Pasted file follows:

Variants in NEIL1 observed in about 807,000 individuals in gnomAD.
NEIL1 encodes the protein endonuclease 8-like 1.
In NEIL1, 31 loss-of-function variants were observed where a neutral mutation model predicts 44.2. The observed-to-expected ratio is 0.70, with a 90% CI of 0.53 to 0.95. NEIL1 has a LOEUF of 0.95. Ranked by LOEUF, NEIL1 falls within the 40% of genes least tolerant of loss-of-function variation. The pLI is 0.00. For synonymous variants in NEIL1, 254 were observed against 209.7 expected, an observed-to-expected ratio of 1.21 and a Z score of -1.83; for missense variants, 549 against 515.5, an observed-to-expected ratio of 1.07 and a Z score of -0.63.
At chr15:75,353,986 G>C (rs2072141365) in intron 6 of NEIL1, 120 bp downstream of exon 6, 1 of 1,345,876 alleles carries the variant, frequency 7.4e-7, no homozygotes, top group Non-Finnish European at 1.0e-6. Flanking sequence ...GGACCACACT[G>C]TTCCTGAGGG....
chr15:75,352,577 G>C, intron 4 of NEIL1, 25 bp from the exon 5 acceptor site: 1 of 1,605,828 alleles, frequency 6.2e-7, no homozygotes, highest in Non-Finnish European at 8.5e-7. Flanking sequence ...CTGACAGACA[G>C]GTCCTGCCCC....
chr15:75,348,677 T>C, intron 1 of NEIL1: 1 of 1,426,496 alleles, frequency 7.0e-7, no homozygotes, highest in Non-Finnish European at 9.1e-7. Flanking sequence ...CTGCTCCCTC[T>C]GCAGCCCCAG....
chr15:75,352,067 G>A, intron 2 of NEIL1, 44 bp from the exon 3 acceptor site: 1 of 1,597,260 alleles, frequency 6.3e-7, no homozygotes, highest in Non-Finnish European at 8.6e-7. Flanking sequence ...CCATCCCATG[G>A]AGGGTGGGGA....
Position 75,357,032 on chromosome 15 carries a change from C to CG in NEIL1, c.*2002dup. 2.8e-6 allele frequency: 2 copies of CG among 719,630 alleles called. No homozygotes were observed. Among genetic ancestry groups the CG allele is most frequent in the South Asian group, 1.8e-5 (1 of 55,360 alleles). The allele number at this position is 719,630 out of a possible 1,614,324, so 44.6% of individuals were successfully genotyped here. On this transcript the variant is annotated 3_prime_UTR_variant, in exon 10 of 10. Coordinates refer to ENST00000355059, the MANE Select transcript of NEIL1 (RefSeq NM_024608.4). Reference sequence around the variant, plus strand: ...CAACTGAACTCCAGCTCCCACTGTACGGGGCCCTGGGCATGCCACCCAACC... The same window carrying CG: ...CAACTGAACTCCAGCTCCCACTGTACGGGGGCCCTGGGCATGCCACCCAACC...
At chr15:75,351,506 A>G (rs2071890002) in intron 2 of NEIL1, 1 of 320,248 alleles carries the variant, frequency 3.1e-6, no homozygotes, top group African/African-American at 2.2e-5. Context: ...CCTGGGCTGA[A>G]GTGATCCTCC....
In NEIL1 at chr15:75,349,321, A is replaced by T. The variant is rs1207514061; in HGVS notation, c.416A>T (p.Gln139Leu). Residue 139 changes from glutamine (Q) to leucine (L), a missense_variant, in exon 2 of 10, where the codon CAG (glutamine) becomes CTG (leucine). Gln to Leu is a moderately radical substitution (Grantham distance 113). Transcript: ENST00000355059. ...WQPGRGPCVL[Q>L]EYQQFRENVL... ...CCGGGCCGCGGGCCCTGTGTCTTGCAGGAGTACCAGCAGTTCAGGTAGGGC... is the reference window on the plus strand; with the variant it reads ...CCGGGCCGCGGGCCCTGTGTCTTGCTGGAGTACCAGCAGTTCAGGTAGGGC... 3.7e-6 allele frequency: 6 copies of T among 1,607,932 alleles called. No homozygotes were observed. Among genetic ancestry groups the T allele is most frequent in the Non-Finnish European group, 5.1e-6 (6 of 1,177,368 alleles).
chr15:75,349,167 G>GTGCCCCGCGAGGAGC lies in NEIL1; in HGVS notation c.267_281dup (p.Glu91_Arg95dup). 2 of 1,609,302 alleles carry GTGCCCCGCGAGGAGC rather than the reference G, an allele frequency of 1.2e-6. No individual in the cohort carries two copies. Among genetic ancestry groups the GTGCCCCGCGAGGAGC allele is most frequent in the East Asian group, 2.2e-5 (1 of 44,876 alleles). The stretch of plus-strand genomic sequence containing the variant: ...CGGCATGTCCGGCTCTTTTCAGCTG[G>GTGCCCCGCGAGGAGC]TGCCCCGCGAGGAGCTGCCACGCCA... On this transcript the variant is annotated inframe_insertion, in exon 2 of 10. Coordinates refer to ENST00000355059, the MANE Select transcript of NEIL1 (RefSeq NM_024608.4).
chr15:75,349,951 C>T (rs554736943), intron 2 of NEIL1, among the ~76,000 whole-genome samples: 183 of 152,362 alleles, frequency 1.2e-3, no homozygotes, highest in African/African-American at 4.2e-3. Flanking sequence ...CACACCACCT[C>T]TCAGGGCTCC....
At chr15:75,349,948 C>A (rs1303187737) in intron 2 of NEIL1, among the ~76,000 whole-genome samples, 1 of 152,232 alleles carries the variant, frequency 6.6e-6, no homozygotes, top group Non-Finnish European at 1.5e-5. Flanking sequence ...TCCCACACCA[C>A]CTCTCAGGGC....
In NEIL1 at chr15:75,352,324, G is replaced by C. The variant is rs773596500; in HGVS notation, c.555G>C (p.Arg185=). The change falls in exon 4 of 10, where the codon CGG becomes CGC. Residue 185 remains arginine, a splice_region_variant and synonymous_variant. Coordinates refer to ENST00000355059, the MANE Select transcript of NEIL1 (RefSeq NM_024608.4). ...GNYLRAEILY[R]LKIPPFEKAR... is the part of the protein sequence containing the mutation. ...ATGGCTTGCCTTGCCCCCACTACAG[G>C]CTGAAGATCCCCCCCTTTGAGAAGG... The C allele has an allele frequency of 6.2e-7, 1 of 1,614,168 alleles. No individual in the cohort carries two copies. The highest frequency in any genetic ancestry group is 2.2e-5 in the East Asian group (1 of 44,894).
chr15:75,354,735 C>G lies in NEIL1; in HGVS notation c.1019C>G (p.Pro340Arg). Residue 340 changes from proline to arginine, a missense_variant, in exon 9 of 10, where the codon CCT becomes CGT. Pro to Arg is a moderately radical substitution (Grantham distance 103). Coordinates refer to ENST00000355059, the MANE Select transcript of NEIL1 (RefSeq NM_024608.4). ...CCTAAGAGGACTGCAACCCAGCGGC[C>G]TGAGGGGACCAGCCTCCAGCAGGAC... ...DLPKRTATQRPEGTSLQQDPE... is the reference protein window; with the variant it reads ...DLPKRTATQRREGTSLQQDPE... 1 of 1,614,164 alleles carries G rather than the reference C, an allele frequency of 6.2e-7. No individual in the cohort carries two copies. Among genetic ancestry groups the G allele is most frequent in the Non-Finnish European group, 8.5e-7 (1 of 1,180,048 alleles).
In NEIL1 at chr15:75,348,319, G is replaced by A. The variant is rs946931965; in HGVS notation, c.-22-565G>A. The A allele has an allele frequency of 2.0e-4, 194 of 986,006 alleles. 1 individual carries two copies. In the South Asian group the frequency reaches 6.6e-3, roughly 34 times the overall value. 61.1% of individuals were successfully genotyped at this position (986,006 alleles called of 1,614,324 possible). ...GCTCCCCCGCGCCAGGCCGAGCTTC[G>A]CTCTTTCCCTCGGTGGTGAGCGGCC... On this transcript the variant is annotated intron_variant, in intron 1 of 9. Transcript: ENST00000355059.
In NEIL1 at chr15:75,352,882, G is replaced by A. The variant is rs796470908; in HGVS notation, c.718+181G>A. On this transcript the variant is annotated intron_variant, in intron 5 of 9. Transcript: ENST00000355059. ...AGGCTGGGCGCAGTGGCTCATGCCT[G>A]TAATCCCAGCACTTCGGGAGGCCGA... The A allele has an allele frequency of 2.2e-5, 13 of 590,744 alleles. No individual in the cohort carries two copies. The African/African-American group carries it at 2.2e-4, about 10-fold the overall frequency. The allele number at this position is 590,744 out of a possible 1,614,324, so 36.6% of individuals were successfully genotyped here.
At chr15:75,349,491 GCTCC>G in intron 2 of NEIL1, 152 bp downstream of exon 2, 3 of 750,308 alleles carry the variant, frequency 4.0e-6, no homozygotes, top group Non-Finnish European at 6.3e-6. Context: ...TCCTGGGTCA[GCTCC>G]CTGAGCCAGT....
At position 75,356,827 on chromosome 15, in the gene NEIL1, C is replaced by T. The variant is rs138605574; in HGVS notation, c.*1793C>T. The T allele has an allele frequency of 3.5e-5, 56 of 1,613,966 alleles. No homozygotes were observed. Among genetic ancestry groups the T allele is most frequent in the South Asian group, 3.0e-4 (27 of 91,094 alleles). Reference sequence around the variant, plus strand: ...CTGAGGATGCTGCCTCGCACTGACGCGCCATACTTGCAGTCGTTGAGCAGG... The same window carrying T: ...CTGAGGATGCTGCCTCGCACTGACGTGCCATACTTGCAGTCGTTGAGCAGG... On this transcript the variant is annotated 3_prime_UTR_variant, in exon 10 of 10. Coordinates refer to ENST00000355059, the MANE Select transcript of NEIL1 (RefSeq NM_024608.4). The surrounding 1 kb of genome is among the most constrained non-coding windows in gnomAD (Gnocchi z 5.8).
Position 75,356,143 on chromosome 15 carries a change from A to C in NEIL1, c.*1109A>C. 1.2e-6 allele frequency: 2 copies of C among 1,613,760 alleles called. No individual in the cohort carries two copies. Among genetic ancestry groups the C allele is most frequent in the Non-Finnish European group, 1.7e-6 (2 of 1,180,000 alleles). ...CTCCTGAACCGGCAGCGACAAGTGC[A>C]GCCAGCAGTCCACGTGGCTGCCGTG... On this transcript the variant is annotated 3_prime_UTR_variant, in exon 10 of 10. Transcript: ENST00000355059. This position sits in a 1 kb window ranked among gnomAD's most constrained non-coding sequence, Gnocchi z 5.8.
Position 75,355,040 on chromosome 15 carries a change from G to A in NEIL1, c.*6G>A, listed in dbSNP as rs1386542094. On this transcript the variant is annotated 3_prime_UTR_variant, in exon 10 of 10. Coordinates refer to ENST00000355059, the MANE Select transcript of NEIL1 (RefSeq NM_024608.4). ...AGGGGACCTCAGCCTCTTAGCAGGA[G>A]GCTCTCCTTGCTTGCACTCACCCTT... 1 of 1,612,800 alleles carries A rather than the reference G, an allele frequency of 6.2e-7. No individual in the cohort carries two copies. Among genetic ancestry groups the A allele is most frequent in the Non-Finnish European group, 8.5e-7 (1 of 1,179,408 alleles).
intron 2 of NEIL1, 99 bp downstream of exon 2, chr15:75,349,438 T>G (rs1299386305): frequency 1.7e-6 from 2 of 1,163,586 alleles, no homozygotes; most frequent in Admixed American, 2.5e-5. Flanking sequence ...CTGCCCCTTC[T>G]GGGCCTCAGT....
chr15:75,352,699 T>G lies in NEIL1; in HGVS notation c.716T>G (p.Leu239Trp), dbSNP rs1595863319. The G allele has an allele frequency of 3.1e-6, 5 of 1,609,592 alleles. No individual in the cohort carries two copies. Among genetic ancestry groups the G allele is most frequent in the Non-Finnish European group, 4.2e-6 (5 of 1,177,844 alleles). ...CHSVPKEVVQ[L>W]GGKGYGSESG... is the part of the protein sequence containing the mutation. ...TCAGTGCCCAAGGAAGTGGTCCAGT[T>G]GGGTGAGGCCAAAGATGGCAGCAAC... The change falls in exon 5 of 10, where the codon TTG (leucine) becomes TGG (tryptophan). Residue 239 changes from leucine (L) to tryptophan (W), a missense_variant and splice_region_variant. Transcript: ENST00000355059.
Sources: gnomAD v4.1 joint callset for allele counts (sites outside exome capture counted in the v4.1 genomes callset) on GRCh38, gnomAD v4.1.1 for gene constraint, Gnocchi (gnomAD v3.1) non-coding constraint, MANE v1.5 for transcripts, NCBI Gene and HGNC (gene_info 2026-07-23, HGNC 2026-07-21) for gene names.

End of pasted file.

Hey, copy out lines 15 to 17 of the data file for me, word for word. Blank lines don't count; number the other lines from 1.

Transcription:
chr15:75,354,735 C>G lies in NEIL1; in HGVS notation c.1019C>G (p.Pro340Arg). Residue 340 changes from proline to arginine, a missense_variant, in exon 9 of 10, where the codon CCT becomes CGT. Pro to Arg is a moderately radical substitution (Grantham distance 103). Coordinates refer to ENST00000355059, the MANE Select transcript of NEIL1 (RefSeq NM_024608.4). ...CCTAAGAGGACTGCAACCCAGCGGC[C>G]TGAGGGGACCAGCCTCCAGCAGGAC... ...DLPKRTATQRPEGTSLQQDPE... is the reference protein window; with the variant it reads ...DLPKRTATQRREGTSLQQDPE... 1 of 1,614,164 alleles carries G rather than the reference C, an allele frequency of 6.2e-7. No individual in the cohort carries two copies. Among genetic ancestry groups the G allele is most frequent in the Non-Finnish European group, 8.5e-7 (1 of 1,180,048 alleles).
In NEIL1 at chr15:75,348,319, G is replaced by A. The variant is rs946931965; in HGVS notation, c.-22-565G>A. The A allele has an allele frequency of 2.0e-4, 194 of 986,006 alleles. 1 individual carries two copies. In the South Asian group the frequency reaches 6.6e-3, roughly 34 times the overall value. 61.1% of individuals were successfully genotyped at this position (986,006 alleles called of 1,614,324 possible). ...GCTCCCCCGCGCCAGGCCGAGCTTC[G>A]CTCTTTCCCTCGGTGGTGAGCGGCC... On this transcript the variant is annotated intron_variant, in intron 1 of 9. Transcript: ENST00000355059.
In NEIL1 at chr15:75,352,882, G is replaced by A. The variant is rs796470908; in HGVS notation, c.718+181G>A. On this transcript the variant is annotated intron_variant, in intron 5 of 9. Transcript: ENST00000355059. ...AGGCTGGGCGCAGTGGCTCATGCCT[G>A]TAATCCCAGCACTTCGGGAGGCCGA... The A allele has an allele frequency of 2.2e-5, 13 of 590,744 alleles. No individual in the cohort carries two copies. The African/African-American group carries it at 2.2e-4, about 10-fold the overall frequency. The allele number at this position is 590,744 out of a possible 1,614,324, so 36.6% of individuals were successfully genotyped here.